In just about any article or bio of Dorothy Day, one of the first quotes you’ll come across that is ascribed to her is, “Don’t call me a saint; I don’t want to be dismissed that easily.” One the heels of news that the USCCB has enthusiastically endorsed her cause Father James Martin, S.J. talks to Robert Ellsberg (who edited her wonderful diaries for The Duty of Delight) about that remark, what it means, and in what context Dorothy might have made it:
Dorothy’s own relationship with saints was anything but cynical. Both her daily speech and her writings were filled with references to St. Paul, St. Augustine, St. Francis of Assisi, and St. Teresa of Avila. She treasured their stories. For Dorothy these were not idealized super-humans, but her constant companions and daily guides in the imitation of Christ. She relished the human details of their struggles to be faithful, realizing full well that in their own time they were often regarded as eccentrics or dangerous troublemakers.
But she didn’t just study their life and writings. She also firmly believed in their role as heavenly patrons. Whenever funds or provisions ran low she would “petition” St. Joseph. She would pray to St. Therese for patience and understanding. She would pray to St. Francis to increase her spirit of poverty. For many years, the Catholic Worker was largely illustrated by woodcuts by Ade Bethune depicting the saints in everyday dress, performing the works of mercy. She devoted many years of her life writing a life of St. Therese of Lisieux. I have no doubt she would have delighted in the news that St. Therese was named a Doctor of the Church. It is unthinkable that she would have responded by saying, “That means basically that Therese is not to be taken seriously!”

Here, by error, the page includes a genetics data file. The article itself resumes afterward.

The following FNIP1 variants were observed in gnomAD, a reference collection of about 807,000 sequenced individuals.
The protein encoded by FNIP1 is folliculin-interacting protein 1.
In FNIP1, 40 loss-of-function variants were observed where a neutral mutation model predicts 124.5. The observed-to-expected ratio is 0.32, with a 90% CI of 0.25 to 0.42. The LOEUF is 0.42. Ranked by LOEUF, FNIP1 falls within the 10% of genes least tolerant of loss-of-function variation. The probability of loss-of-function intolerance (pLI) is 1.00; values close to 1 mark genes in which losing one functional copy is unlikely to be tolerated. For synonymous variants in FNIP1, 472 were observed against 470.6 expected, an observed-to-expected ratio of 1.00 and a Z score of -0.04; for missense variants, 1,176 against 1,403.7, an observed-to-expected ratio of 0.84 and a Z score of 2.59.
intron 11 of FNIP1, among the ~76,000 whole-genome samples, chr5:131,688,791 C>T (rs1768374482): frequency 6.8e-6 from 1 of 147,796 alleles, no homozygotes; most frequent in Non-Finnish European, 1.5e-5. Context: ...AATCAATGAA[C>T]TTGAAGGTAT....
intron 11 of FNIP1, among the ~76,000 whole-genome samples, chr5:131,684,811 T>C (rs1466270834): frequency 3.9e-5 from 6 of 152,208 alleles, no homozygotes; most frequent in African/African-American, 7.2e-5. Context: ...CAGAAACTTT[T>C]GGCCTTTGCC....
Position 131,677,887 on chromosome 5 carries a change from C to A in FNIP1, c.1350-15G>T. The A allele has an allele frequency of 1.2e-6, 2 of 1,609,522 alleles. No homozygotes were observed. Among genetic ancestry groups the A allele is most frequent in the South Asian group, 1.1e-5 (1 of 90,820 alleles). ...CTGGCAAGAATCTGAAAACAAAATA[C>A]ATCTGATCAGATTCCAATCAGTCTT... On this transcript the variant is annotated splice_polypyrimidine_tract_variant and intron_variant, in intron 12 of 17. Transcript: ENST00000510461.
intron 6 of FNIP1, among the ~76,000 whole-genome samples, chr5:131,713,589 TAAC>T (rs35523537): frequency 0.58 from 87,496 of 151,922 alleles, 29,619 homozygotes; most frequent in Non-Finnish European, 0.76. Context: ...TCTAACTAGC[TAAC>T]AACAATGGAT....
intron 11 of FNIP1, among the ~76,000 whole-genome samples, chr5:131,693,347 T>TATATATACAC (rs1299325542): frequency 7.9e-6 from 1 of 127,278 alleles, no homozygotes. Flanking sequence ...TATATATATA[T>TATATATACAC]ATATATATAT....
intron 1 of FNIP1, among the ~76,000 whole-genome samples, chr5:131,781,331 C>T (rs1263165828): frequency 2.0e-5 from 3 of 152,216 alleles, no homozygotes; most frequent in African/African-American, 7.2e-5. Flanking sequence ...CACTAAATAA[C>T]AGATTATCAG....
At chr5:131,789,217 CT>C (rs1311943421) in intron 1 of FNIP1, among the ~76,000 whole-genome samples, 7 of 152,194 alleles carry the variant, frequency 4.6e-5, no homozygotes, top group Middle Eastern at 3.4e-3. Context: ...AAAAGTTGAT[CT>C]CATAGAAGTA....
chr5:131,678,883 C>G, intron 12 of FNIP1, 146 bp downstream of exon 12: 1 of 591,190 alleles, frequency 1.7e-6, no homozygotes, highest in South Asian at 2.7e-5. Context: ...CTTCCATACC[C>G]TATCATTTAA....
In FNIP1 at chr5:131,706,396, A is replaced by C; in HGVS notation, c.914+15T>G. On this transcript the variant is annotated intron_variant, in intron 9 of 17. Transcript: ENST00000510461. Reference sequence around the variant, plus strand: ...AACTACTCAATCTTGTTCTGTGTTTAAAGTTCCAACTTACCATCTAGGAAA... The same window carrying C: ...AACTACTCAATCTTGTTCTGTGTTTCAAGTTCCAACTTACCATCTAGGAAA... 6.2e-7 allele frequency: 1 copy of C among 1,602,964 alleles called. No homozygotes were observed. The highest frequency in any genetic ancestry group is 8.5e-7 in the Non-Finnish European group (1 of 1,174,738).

Read it all here.
Interestingly, as the news broke yesterday, on and hit Twitter, Brandon Vogt wondered whether Dorothy might eventually become the Patron Saint of Post-Abortive women or women considering abortion. Or, he considered, the bridge between the Marys of contemplation and the Martha’s of active apostolate. I can see either or both. But I personally think Dorothy could be a powerful bridge between the sad, unnecessary and increasingly destructive chasm that has opened between “life” and “social justice” Catholics. We need a patron standing over that needless divide, and Day was as coherent on the dangers of too much government intervention dooming people to poverty as she was on the absolutely responsibility we each have to look out for one-another. She was of-a-piece, through and through, cohesive on “life” and “social justice.” The full package, and always, in her own words,”an obedient daughter of the church.”
Speaking of Saints, Frank Weathers goes all manly on us today!